From extremism to governing India and being the first party in the world: 180 million members

India is the largest democracy in the world.

08 January 2023 Sunday 21:30
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From extremism to governing India and being the first party in the world: 180 million members

India is the largest democracy in the world. The “bad” news is that it also has the world's largest party, the BJP, whose membership of 180 million is nearly double the CP of China's (CCP)'s 95.1 million and the US Democratic Party's 48 million. A party that has governed since 2014 without opposition under the leadership of Prime Minister Narendra Modi, eight years in which militancy has increased fivefold. Democratic stability or danger of a more authoritarian drift?

Like the CCP, the Bharatiya Janata Party controls power and runs the economy in an overpopulated country but its legitimacy comes from the ballot box. An economy to watch closely: India will be the third largest in the world in five years, thus surpassing Germany and Japan, according to forecasts by Morgan Stanley. On the contrary, and coinciding with the hegemonic era of the BJP, India descends in almost all the rankings and indicators of democratic quality and freedom of information...

Since independence from Britain in 1947, India and its constituents have favored a big, strong party. Omnipresent. Multipartism exists but is little practiced. The Congress party was the most natural choice as a political expression of the movement that fought decades for independence. Dynastic and hereditary, the Congress ruled India for 51 years and 149 days, with an economic leadership bordering on socialism and an excessive weight of bureaucracy and clientelism, similar to that of another "heroic" model of decolonization (Algeria).

How did the BJP come to govern India and endow itself with a militancy that today touches the population of half of Europe? First of all, the stagnation of the Congress party and its economic planning, which consolidated the frustration: the promising India of 1947 did not finish capturing its power or accepting its contradictions (atomic bomb and famine). Far from the path of harmonization implicit in Congress, the Hindu BJP erupted in the late 1980s, unapologetically, to offer a radical (and labeled extremist) alternative: India for the Hindus. They bet on identity.

Emanating from a radical Hinduism with a long tradition but very fragmented, the BJP was founded in 1980, when the Congress was already showing signs of an exhausted formula. India and the Hindu religion are the same, their leaders proclaim, despite the fact that 14.2% of the 1.4 billion Indians are Muslims. Wherever there was a religious incident or a clash of coexistence -something common in India-, there the BJP raised its voice, a pioneering party in the polarization techniques that are so popular today. This radicality is adding small groups. Among them, the Shiva Sena (Shiva's Army) who said they were “proud” of Nathuram, the fanatic who shot Mahatma Gandhi.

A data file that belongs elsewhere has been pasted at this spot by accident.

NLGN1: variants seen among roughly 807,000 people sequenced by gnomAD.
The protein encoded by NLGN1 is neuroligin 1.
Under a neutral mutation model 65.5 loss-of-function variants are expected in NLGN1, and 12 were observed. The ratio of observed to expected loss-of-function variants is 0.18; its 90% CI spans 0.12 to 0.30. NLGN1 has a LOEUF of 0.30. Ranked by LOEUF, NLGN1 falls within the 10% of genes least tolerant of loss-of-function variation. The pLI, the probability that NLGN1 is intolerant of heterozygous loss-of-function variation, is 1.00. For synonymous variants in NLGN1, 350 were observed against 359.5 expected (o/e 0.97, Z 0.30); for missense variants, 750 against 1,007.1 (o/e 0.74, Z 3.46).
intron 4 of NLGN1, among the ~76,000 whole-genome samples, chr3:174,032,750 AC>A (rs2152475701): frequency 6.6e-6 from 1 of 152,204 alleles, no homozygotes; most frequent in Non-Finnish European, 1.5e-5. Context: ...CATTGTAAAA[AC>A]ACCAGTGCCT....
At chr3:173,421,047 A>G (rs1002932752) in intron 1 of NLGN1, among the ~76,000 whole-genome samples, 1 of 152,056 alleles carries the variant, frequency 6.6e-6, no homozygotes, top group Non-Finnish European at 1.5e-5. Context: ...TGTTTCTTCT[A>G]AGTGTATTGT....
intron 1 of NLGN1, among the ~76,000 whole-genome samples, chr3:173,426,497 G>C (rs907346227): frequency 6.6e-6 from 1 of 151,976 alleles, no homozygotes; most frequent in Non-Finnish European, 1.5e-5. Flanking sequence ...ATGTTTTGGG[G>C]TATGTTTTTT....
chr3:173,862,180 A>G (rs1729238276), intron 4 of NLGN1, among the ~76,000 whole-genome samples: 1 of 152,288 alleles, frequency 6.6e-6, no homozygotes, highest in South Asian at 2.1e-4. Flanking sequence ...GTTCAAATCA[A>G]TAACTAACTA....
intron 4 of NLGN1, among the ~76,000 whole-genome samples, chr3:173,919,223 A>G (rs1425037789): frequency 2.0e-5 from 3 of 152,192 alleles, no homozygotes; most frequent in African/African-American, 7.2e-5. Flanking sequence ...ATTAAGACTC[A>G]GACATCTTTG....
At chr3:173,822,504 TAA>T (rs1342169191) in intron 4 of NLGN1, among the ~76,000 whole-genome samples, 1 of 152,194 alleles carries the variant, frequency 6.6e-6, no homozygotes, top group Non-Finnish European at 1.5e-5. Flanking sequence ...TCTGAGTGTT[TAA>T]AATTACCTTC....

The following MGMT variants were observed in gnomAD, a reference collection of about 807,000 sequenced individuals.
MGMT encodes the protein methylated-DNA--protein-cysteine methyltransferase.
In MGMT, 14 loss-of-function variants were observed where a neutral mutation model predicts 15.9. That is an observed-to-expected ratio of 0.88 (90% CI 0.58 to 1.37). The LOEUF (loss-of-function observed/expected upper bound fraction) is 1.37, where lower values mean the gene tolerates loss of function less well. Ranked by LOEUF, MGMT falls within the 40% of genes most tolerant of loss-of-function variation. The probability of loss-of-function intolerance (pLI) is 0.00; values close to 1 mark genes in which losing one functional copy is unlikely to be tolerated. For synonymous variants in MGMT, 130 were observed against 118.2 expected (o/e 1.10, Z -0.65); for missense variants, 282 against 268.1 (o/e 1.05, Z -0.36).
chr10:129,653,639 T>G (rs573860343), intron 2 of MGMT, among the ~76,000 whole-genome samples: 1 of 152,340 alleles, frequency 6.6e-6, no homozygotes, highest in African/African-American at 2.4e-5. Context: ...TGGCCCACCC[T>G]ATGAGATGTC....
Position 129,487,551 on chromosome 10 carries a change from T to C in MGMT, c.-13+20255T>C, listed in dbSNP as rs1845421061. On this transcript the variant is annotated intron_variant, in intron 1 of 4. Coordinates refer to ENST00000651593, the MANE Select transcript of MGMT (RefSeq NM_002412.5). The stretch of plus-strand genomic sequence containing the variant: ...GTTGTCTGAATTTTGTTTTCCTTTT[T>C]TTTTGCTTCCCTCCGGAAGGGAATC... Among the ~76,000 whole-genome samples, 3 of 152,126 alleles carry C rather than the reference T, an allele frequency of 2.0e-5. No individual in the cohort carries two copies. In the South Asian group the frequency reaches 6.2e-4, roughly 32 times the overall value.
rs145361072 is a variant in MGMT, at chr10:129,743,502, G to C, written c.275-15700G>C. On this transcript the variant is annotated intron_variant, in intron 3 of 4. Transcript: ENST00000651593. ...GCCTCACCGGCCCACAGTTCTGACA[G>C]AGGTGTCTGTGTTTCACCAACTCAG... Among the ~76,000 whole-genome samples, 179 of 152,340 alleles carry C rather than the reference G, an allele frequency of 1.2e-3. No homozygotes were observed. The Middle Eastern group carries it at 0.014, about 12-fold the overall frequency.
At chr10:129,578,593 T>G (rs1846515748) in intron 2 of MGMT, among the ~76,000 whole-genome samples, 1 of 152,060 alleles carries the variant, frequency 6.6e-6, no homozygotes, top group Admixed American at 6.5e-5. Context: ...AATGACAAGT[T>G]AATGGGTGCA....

Thus, the BJP launched in the mid-1980s a campaign to "reclaim" Ayodhya, a Hindu holy place where a mosque stood. Hostility towards Muslims was, basically, a good electoral hitch pennant. When this journalist interviewed the leader of the BJP, Lal Krishen Advani, in New Delhi in 1991, he received at the end a request that was as unusual as it was sincere: “Could you send me or recommend a book on the expulsion of Muslims in Spain?” . The fact seemed to him -so I perceived it- worthy of emulating in India...

Little by little, the BJP moderated its initial impetus and, as it emerged as an alternative to power in New Delhi, it began to focus on economic reforms and on combating the idea that beyond Hinduism, they had nothing to offer. BJP leader. Atal Bihari Vajpayee led coalition governments between 1996 and 2004, "quiet" enough to dispel the reputation of extremists capable of setting fire to religious and ethnic coexistence in India or creating tensions with neighboring Pakistan.

The key to membership success has a name of its own: Narendra Modi, the leader who clearly won the 2014 and 2019 elections. Between welfare measures and charisma, the voters excused him for the ineffective fight against unemployment and bought his argument that "sixty years of mistakes cannot be fixed in five". He asked the "poor" for time and got it to enjoy a perceptible economic improvement in his second term, very much on the path of China's overwhelming growth (GDP increased by 8.7% in 2021 and will be around 7% in the 2022).

Since the initial extremism, the BJP has been able to broaden its base. What began as urban Hinduism in the bastions of this religion in northern India has been spreading to rural classes and the women of those same feuds, highlights the political scientist Nalin Mehta in his book "The new BJP". And not just with words. Social, housing or health programs, gas subsidies, have benefited broad segments whose perception of well-being was relatively “cheap”. “They have changed the rules of the game (socially) and this is one reason why more women, particularly in rural areas, are voting for BJP,” Mehta estimates.

Being aligned on the winning side has helped affiliations increase fivefold in eight years –relatively easy if one goes to the BJP website-. Who doesn't want to be on the side of the winning horse in a country where subsidies often depend on the official on duty or personal connections? The Indian digital revolution and the widespread use of mobile phones - at reasonable prices - have been taken advantage of by the BJP leaders for successive affiliation campaigns. The aura of the BJP seems unbeatable today. And Narendra Modi cultivates a good relationship with the United States, which sees India as a potential replacement for China for certain economic activities.



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